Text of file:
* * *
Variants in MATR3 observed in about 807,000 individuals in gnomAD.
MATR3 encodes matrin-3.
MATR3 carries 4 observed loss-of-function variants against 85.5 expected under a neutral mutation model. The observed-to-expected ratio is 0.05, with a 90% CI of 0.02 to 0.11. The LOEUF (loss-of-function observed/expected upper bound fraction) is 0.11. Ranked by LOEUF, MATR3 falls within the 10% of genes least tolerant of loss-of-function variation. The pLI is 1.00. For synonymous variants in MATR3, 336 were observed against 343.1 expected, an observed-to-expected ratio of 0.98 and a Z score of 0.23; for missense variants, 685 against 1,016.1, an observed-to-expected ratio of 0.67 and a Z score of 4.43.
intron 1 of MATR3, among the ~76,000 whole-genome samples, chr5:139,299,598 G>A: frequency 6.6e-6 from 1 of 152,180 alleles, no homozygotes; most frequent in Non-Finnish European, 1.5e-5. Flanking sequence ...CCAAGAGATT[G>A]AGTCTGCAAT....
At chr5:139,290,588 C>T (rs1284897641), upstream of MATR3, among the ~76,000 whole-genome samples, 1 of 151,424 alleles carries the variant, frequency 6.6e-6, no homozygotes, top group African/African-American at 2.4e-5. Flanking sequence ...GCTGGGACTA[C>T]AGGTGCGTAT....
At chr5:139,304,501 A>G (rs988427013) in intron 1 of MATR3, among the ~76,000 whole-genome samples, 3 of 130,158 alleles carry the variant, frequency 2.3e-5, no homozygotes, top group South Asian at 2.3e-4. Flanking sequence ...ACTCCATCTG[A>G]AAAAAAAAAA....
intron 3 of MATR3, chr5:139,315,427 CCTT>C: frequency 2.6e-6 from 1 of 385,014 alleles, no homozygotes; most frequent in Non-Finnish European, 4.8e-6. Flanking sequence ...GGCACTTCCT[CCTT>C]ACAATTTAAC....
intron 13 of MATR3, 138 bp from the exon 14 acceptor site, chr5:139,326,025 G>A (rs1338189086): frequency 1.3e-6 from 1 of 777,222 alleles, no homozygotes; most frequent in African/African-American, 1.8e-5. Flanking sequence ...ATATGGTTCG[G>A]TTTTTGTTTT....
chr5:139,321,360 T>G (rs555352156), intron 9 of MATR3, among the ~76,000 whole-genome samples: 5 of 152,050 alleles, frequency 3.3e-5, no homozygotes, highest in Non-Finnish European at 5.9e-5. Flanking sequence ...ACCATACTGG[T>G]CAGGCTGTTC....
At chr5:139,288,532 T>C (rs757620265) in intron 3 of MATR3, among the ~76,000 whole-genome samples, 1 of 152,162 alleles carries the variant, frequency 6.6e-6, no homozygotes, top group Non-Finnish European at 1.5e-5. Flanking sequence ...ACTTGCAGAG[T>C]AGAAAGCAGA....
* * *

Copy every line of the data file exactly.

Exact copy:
Variants in MATR3 observed in about 807,000 individuals in gnomAD.
MATR3 encodes matrin-3.
MATR3 carries 4 observed loss-of-function variants against 85.5 expected under a neutral mutation model. The observed-to-expected ratio is 0.05, with a 90% CI of 0.02 to 0.11. The LOEUF (loss-of-function observed/expected upper bound fraction) is 0.11. Ranked by LOEUF, MATR3 falls within the 10% of genes least tolerant of loss-of-function variation. The pLI is 1.00. For synonymous variants in MATR3, 336 were observed against 343.1 expected, an observed-to-expected ratio of 0.98 and a Z score of 0.23; for missense variants, 685 against 1,016.1, an observed-to-expected ratio of 0.67 and a Z score of 4.43.
intron 1 of MATR3, among the ~76,000 whole-genome samples, chr5:139,299,598 G>A: frequency 6.6e-6 from 1 of 152,180 alleles, no homozygotes; most frequent in Non-Finnish European, 1.5e-5. Flanking sequence ...CCAAGAGATT[G>A]AGTCTGCAAT....
At chr5:139,290,588 C>T (rs1284897641), upstream of MATR3, among the ~76,000 whole-genome samples, 1 of 151,424 alleles carries the variant, frequency 6.6e-6, no homozygotes, top group African/African-American at 2.4e-5. Flanking sequence ...GCTGGGACTA[C>T]AGGTGCGTAT....
At chr5:139,304,501 A>G (rs988427013) in intron 1 of MATR3, among the ~76,000 whole-genome samples, 3 of 130,158 alleles carry the variant, frequency 2.3e-5, no homozygotes, top group South Asian at 2.3e-4. Flanking sequence ...ACTCCATCTG[A>G]AAAAAAAAAA....
intron 3 of MATR3, chr5:139,315,427 CCTT>C: frequency 2.6e-6 from 1 of 385,014 alleles, no homozygotes; most frequent in Non-Finnish European, 4.8e-6. Flanking sequence ...GGCACTTCCT[CCTT>C]ACAATTTAAC....
intron 13 of MATR3, 138 bp from the exon 14 acceptor site, chr5:139,326,025 G>A (rs1338189086): frequency 1.3e-6 from 1 of 777,222 alleles, no homozygotes; most frequent in African/African-American, 1.8e-5. Flanking sequence ...ATATGGTTCG[G>A]TTTTTGTTTT....
chr5:139,321,360 T>G (rs555352156), intron 9 of MATR3, among the ~76,000 whole-genome samples: 5 of 152,050 alleles, frequency 3.3e-5, no homozygotes, highest in Non-Finnish European at 5.9e-5. Flanking sequence ...ACCATACTGG[T>G]CAGGCTGTTC....
At chr5:139,288,532 T>C (rs757620265) in intron 3 of MATR3, among the ~76,000 whole-genome samples, 1 of 152,162 alleles carries the variant, frequency 6.6e-6, no homozygotes, top group Non-Finnish European at 1.5e-5. Flanking sequence ...ACTTGCAGAG[T>C]AGAAAGCAGA....